Best Practice Caregiving: Leading Organizations to Evidence-based Dementia Caregiving Programs

Nearly 6 million older adults live with Alzheimer’s disease or other dementias, and caring for them are an estimated 16 million family or friend caregivers. Family and friend caregivers report many adverse effects due to caregiving, such as strain on physical and emotional health, employment, finances and family relationships. A report by the National Academies of Sciences, Engineering and Medicine, called “Families Caring for an Aging America,” stressed the importance of using evidence-based programming for dementia caregivers.

Across the past 25 years, there has been a wide range of non-pharmacological programs proven to support and help family and friend caregivers of persons living with dementia. Unfortunately, many of these programs are not being delivered by health and social service organizations or are not available to caregivers in the community. Professionals in aging and their organizations simply aren’t aware of these programs, as there is no comprehensive database housing updated information on their proven benefits.

Best Practice Caregiving was created as a solution to the lack of one central database of program information. Best Practice Caregiving is a collaboration between Family Caregiver Alliance, Benjamin Rose Institute on Aging and The Gerontological Society of America, and was funded by The John A. Hartford Foundation, Archstone Foundation and the RRF Foundation for Aging.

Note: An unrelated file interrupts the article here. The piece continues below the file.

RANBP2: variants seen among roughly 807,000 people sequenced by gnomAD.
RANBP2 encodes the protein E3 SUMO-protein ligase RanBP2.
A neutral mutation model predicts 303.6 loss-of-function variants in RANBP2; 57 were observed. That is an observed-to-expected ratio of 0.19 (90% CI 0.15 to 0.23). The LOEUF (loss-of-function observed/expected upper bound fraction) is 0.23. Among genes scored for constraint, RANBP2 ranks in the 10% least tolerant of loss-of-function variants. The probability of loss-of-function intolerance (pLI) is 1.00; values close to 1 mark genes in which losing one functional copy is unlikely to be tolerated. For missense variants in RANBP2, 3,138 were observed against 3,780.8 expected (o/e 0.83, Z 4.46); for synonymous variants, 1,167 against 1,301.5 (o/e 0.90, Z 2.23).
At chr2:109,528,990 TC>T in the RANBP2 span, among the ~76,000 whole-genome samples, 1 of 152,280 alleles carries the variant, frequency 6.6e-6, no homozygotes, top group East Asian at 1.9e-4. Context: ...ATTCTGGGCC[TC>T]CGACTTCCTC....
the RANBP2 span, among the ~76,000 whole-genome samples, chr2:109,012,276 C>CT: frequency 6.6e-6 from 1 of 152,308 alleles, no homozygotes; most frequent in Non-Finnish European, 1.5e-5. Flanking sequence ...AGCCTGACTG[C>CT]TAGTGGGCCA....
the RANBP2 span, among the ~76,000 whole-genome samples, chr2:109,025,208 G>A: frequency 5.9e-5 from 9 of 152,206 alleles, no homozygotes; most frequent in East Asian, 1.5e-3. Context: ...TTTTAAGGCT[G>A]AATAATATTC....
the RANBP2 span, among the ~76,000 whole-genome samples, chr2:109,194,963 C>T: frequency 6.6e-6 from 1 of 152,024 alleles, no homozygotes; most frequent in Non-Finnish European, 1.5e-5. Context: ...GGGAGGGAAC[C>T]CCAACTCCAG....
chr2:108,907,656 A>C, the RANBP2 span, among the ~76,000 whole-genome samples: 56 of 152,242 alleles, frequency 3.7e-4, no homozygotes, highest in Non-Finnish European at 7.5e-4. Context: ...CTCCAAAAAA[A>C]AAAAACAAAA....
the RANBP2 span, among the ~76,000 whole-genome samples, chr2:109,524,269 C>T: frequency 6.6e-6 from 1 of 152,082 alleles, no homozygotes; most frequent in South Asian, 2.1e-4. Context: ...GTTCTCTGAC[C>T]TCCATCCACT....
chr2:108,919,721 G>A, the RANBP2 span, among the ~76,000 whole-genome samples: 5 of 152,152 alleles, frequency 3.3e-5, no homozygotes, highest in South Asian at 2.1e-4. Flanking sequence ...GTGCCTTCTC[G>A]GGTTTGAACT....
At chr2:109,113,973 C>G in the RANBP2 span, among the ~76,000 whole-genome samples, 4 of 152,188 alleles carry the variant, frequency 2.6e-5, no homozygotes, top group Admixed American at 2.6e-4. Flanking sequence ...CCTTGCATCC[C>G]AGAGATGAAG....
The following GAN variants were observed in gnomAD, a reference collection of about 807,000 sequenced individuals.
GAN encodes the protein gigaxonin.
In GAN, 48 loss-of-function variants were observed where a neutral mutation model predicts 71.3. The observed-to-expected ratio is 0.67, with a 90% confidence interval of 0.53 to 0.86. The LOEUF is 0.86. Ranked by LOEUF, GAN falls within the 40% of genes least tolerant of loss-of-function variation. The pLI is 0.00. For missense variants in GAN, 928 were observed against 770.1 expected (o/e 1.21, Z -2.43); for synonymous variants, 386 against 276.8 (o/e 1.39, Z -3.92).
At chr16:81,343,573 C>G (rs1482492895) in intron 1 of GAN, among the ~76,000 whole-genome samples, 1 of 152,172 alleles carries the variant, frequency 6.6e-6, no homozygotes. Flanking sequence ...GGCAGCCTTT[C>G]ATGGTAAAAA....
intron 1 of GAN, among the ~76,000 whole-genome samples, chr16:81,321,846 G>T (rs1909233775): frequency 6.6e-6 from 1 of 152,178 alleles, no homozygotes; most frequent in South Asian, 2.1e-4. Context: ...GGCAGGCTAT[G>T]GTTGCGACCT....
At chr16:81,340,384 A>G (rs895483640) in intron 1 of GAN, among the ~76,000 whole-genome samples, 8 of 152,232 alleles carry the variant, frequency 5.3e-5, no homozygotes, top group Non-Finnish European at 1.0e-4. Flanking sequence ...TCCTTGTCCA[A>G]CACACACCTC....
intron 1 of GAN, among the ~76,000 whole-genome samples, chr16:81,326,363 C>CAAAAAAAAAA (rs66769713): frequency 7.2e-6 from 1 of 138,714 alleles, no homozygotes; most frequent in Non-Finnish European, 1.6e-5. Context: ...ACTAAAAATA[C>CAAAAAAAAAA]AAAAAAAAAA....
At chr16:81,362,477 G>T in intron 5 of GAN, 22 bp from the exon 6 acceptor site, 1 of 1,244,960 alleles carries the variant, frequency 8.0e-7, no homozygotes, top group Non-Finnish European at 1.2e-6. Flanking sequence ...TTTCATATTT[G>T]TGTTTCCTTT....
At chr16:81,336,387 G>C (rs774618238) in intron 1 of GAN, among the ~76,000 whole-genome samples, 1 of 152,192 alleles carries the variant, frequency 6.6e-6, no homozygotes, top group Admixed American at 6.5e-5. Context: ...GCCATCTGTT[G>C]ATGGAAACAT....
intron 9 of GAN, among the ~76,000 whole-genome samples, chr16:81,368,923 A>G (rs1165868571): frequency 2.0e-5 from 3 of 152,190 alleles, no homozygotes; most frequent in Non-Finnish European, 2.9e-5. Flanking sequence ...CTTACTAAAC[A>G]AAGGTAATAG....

Launched in December 2019, Best Practice Caregiving is a web-based database developed for professionals and organizations that serve family and friend caregivers of those living with dementia. With more than 40 proven, vetted dementia caregiving programs, Best Practice Caregiving is a rich resource for organizations looking to identify and adopt best-fit programs.

Benefits of Best Practice Caregiving

It’s a comprehensive, one-stop resource for information on evidence-based dementia caregiving programs. Healthcare and community service organizations, providers, funders and policy makers now have an easy-to-use, comprehensive resource to learn about and compare many of the top dementia caregiving programs in the United States.

It makes assessing programs easy—saving organizations time and resources. Best Practice Caregiving eliminates the need for organizations to identify, research and evaluate programs themselves.

It provides a 360-degree view that has been missing from past abstract listings. The database contains key information to understand the programs, the experience of replicating them in the community and the outcomes for families and those living with dementia.

Each program featured in Best Practice Caregiving has a unique profile showcasing its program characteristics.

Best Practice Caregiving allows users to sort programs based on characteristics such as:

  • Types of dementia targeted;
  • Mode of program delivery; 
  • Types of assistances offered;
  • Persons delivering the program; and,
  • Findings from program studies.

Users also can compare up to three programs side by side, allowing professionals and organizations to decide on programs that best align with their mission and service goals.

Join us for a webinar about this new resource on Sept. 29, 1 p.m. to 2:30 p.m. PT (4:00 p.m. to 5:30 p.m. ET). 

Click here to learn about Best Practice Caregiving and read our latest newsletter.

Alyssa Ciancibello, MPH, is a research analyst at the Benjamin Rose Institute on Aging. Albert Martinez, MFA, is the Communications Director at Family Caregiver Alliance.